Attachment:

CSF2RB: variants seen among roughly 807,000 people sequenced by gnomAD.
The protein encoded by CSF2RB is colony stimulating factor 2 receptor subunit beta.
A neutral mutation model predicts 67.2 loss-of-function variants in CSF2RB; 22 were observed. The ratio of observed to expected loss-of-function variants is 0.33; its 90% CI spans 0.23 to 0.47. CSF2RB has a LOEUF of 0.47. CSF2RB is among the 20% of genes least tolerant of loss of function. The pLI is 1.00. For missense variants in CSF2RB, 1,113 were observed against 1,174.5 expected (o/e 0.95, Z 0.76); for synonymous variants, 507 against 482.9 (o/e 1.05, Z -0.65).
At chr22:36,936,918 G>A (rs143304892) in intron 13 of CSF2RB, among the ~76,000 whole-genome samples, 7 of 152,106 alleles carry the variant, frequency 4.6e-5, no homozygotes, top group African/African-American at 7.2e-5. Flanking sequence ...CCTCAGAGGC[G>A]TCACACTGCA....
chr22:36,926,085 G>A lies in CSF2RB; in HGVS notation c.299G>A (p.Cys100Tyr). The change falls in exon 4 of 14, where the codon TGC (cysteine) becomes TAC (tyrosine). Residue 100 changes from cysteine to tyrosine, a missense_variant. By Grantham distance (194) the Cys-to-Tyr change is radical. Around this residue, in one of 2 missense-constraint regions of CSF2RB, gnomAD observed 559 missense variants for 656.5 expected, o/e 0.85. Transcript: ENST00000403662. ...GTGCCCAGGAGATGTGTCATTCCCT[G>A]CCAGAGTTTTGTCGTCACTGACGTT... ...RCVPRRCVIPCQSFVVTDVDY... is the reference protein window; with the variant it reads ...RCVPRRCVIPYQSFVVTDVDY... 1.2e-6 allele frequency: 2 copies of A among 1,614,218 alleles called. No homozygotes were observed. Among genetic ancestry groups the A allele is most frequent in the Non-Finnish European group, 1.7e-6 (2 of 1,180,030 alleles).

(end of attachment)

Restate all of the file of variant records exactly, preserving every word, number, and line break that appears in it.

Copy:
CSF2RB: variants seen among roughly 807,000 people sequenced by gnomAD.
The protein encoded by CSF2RB is colony stimulating factor 2 receptor subunit beta.
A neutral mutation model predicts 67.2 loss-of-function variants in CSF2RB; 22 were observed. The ratio of observed to expected loss-of-function variants is 0.33; its 90% CI spans 0.23 to 0.47. CSF2RB has a LOEUF of 0.47. CSF2RB is among the 20% of genes least tolerant of loss of function. The pLI is 1.00. For missense variants in CSF2RB, 1,113 were observed against 1,174.5 expected (o/e 0.95, Z 0.76); for synonymous variants, 507 against 482.9 (o/e 1.05, Z -0.65).
At chr22:36,936,918 G>A (rs143304892) in intron 13 of CSF2RB, among the ~76,000 whole-genome samples, 7 of 152,106 alleles carry the variant, frequency 4.6e-5, no homozygotes, top group African/African-American at 7.2e-5. Flanking sequence ...CCTCAGAGGC[G>A]TCACACTGCA....
chr22:36,926,085 G>A lies in CSF2RB; in HGVS notation c.299G>A (p.Cys100Tyr). The change falls in exon 4 of 14, where the codon TGC (cysteine) becomes TAC (tyrosine). Residue 100 changes from cysteine to tyrosine, a missense_variant. By Grantham distance (194) the Cys-to-Tyr change is radical. Around this residue, in one of 2 missense-constraint regions of CSF2RB, gnomAD observed 559 missense variants for 656.5 expected, o/e 0.85. Transcript: ENST00000403662. ...GTGCCCAGGAGATGTGTCATTCCCT[G>A]CCAGAGTTTTGTCGTCACTGACGTT... ...RCVPRRCVIPCQSFVVTDVDY... is the reference protein window; with the variant it reads ...RCVPRRCVIPYQSFVVTDVDY... 1.2e-6 allele frequency: 2 copies of A among 1,614,218 alleles called. No homozygotes were observed. Among genetic ancestry groups the A allele is most frequent in the Non-Finnish European group, 1.7e-6 (2 of 1,180,030 alleles).